In response to criticism about efforts to combat hate speech, Facebook says that hate speech prevalence has dropped to 5 views per 10,000.
In a recent Newsroom post, Facebook asserts that hate speech prevalence is down by almost 50% on its platform in the last three quarters.
According to the company, “prevalence” is used as the most important metric to analyze the magnitude of hate speech on its platform “because it shows how much hate speech is actually seen…”
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According to Facebook’s recent Community Standards Enforcement Report, the prevalence of hate speech on the platform is about 0.05% of all content viewed. In other words, out of every 10,000 views, five will include hate speech.
The company claims that the technology it uses to reduce the amount of hate speech users see on Facebook effectively picks up policy violations and directs it to reviewers for manual checking.
It also reduces the distribution of content that could likely be violative and the visibility of people and groups of pages that may have recurrent hate speech violations.
Facebook attributes its success in reducing the prevalence of hate speech to this same technology – demonstrating that since it was introduced in 2016, the percentage of content removed by the system without relying on users reports went from 23.6% to over 97% today.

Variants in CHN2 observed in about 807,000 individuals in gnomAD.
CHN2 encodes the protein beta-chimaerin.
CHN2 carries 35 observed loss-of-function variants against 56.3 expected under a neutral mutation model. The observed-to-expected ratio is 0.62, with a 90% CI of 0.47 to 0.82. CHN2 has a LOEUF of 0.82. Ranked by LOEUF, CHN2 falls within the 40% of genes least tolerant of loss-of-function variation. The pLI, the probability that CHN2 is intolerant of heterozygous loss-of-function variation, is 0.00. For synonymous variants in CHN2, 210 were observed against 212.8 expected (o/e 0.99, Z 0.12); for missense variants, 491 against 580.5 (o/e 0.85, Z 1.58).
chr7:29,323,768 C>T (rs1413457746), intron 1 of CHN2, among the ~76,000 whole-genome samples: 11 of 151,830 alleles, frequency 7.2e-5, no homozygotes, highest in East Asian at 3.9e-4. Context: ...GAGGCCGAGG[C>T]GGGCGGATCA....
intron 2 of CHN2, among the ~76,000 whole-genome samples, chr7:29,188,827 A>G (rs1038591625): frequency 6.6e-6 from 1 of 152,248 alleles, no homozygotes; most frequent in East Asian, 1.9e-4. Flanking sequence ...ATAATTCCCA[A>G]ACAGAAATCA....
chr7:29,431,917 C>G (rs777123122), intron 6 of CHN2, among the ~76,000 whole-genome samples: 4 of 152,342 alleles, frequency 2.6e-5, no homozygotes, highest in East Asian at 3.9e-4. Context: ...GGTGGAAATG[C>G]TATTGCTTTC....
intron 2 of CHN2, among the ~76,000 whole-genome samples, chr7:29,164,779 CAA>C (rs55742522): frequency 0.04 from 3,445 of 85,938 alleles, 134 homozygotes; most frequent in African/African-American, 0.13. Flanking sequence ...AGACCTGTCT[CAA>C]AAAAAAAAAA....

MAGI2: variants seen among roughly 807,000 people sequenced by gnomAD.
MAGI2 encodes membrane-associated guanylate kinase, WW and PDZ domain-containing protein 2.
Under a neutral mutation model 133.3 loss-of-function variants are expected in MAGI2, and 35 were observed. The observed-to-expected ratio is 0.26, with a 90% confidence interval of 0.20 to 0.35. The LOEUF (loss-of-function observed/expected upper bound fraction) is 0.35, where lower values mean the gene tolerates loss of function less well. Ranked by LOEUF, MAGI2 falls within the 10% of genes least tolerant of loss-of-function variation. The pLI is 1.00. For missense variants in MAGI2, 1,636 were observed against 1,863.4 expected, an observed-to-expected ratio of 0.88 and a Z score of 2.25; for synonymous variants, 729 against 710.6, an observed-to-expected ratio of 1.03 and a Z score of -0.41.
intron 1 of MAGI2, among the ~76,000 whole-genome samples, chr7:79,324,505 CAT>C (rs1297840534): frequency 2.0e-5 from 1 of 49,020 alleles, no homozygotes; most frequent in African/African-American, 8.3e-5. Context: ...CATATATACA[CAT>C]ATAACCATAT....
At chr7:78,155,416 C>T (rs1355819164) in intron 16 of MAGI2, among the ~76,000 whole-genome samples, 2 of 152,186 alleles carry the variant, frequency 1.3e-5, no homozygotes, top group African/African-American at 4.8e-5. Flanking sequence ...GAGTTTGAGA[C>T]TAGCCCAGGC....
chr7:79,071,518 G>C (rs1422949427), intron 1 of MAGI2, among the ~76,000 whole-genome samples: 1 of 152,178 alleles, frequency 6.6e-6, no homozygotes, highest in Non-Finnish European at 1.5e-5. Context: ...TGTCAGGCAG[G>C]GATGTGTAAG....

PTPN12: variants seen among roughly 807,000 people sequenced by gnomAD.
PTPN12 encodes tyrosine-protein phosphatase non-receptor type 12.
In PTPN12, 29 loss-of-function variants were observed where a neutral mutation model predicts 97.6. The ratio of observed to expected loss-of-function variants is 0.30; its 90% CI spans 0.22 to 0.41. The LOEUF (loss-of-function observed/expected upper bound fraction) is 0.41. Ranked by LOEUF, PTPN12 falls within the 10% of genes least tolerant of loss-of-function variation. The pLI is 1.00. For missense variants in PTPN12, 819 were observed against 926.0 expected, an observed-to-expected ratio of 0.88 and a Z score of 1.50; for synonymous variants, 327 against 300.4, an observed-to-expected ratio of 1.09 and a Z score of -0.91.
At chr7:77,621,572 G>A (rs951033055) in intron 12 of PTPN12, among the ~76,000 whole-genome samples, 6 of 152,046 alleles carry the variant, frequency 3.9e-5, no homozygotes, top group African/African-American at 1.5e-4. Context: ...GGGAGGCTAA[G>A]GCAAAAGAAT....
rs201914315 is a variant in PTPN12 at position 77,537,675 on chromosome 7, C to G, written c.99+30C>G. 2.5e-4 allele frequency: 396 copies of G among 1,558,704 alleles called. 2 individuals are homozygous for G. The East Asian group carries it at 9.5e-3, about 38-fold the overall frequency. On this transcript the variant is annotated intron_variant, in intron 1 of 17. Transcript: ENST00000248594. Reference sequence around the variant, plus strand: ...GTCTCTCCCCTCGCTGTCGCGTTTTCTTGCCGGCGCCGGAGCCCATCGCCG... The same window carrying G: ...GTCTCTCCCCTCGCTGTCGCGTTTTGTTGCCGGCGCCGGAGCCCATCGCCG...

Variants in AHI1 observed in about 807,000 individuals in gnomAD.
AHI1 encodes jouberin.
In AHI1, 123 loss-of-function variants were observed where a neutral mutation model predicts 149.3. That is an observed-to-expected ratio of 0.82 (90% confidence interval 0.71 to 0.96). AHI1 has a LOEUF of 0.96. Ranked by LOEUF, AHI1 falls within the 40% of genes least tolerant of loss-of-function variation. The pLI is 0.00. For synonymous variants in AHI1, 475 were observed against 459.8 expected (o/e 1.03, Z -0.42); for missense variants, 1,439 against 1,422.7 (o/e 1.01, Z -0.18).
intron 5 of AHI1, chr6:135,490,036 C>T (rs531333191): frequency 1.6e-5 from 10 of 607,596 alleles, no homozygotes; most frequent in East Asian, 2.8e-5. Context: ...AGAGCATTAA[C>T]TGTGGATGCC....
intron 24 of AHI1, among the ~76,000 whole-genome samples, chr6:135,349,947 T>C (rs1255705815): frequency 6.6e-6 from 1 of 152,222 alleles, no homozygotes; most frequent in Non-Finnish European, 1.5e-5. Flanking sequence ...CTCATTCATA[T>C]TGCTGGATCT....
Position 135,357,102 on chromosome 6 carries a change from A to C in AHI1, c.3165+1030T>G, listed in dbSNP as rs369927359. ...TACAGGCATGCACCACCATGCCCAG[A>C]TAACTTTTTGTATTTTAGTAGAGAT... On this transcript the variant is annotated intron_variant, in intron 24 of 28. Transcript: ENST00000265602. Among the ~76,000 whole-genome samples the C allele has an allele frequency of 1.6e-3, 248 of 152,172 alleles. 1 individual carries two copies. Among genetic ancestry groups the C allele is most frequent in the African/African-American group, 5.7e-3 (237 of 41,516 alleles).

This means that Facebook is now proactively detecting and removing hate speech content before people report violations.
Another important element of its prevention technology is its ability to reduce the distribution of problematic content. When unsure whether content is hate speech or simply a user, for example, describing a negative experience, the system may reduce the content’s distribution.
In addition, when policy or guidelines violations frequently occur within Groups, Pages, or even personal accounts, the system will not recommend them as much. Facebook also uses technology to flag content for further review.
According to Facebook, its threshold for automatically removing content is “high.” This is set so to avoid making assessment mistakes on content that may look like hate speech but isn’t. The company sees such lapses in judgment as “harming” the very people they are trying to protect.
Lastly, Facebook shares that it has been working with international experts to develop its metrics further, and claims to be the only company that has volunteered to have these independently audited to ensure it is measuring and reporting them accurately.
Photo by John Tyson on Unsplash
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